I'm about to go through some hand building of some prototypes, this idea of using thread lock to hold components down is a very interesting one. Usually I tack one end, solder the other and finally dab with no-clean flux and quickly reflow both ends to clean up both joints. This gives a very clean result but is fiddly, especially when tacking the first pad down as it requires holding the component in place while doing it. I'll give the thread lock a go.
Mark.

WhiteHare

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Re: Getting started with SMT soldering
« Reply #36 on: October 03, 2016, 10:15:26 AM »
For hand soldering, I've found that if I pre-solder one pad before applying the part, then afterward I can position and hold the part down with tweezers (with one hand) and then use a solder pencil (with the other hand) to re=melt the solder on the pad just enough to tack it.  It's best to flux the part before remelting the pad.

Previously I used a trace amount of superglue to hold a part in place.  It does give a little repositioning time and sets pretty fast.

0403 is awfully tiny though.
« Last Edit: October 03, 2016, 10:21:42 AM by WhiteHare »

TomWS

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Re: Getting started with SMT soldering
« Reply #37 on: October 03, 2016, 10:24:56 AM »
A toothpick dab of solder paste works well. Place the dab on one pad, the device next and hold it down with the other end of the toothpick, and toouch the soldering iron tip to the bit of paste sticking out from the device.  Solders immediately and, if you don't jiggle, you've got one end solidly soldered.  Dab the other end and repeat.

Tom

WhiteHare

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Re: Getting started with SMT soldering
« Reply #38 on: October 03, 2016, 10:34:46 AM »
A toothpick dab of solder paste works well. Place the dab on one pad, the device next and hold it down with the other end of the toothpick, and toouch the soldering iron tip to the bit of paste sticking out from the device.  Solders immediately and, if you don't jiggle, you've got one end solidly soldered.  Dab the other end and repeat.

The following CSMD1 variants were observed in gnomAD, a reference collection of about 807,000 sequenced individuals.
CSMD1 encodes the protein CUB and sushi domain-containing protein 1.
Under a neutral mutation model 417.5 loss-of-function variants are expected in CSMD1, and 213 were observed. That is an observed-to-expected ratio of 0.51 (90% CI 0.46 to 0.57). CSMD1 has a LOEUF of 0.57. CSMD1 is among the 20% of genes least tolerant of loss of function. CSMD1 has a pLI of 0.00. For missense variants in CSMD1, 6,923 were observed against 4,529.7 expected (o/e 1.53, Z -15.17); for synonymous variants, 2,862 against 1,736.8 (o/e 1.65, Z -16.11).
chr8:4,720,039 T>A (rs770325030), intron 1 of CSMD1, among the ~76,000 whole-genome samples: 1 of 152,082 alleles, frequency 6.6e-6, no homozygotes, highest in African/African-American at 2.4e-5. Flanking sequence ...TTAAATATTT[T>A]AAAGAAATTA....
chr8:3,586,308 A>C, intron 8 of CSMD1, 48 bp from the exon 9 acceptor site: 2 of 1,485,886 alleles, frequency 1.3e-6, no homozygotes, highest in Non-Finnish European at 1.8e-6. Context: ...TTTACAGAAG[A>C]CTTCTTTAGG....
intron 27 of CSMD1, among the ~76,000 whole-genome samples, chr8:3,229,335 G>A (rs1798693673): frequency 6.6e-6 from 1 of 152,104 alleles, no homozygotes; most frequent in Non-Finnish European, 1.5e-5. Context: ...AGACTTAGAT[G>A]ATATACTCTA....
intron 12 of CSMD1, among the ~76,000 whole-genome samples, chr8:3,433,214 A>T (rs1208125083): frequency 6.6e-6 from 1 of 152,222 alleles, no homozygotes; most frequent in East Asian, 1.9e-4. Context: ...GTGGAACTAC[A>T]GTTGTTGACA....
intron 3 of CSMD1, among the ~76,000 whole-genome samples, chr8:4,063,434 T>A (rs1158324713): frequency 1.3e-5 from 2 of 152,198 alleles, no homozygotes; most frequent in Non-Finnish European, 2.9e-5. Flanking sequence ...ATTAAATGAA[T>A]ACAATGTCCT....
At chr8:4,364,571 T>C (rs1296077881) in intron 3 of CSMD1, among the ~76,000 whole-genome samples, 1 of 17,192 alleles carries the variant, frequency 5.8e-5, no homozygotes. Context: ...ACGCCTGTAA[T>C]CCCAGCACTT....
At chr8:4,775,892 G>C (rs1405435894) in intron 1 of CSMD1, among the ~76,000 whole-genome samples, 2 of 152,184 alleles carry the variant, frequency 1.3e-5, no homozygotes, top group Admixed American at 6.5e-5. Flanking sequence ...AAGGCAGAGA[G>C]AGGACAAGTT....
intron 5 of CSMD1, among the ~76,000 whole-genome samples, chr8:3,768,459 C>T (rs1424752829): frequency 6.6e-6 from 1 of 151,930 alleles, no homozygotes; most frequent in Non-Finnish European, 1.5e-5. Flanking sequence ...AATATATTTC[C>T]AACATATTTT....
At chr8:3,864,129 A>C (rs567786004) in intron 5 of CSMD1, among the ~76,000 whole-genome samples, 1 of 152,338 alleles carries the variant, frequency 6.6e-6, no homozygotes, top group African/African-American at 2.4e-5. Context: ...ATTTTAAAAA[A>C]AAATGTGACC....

Tom

That sounds like the best way of all!  Thanks for sharing that.

raggedyanne

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Re: Getting started with SMT soldering
« Reply #39 on: October 03, 2016, 11:56:29 PM »
My way i can place the components on many boards & have both hands

WhiteHare

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Re: Getting started with SMT soldering
« Reply #40 on: October 04, 2016, 12:50:34 AM »
My way i can place the components on many boards & have both hands

You may in some sense have both hands, but after placement won't you be then be using those same hands to do the soldering?  i.e. How is your method better than the method Tom uses?

TomWS

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Re: Getting started with SMT soldering
« Reply #41 on: October 04, 2016, 01:17:31 AM »
I only use my method when I have the occasional SMT component to mount, eg a 'tuned' component or a board which only has a few SMT parts.  If I had 'many boards' or 'several SMT components', I'll use a stencil, paste, and my handy dandy reflow 'toaster' oven, which, over time, has become a reliable means to make boards with components down to 0.5mm pitch (eg AM18x5 RTC and various DOF sensors).

Tom

raggedyanne

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Re: Getting started with SMT soldering
« Reply #42 on: October 04, 2016, 05:52:43 AM »
There is no jiggle or wiggle  :P

Felix

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Re: Getting started with SMT soldering
« Reply #43 on: October 04, 2016, 08:14:12 AM »
Before getting a pick and place I have assembled countless SMD-only boards BY HAND, never used any glue. Glue is only needed when you do double side mounting.
Reflow will pull the parts in place as long as your stencil is made right.

This is how I used to do it:

This is how I used to make my stencils:

raggedyanne

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Re: Getting started with SMT soldering
« Reply #44 on: October 06, 2016, 05:10:04 AM »
That was awe inspiring  8)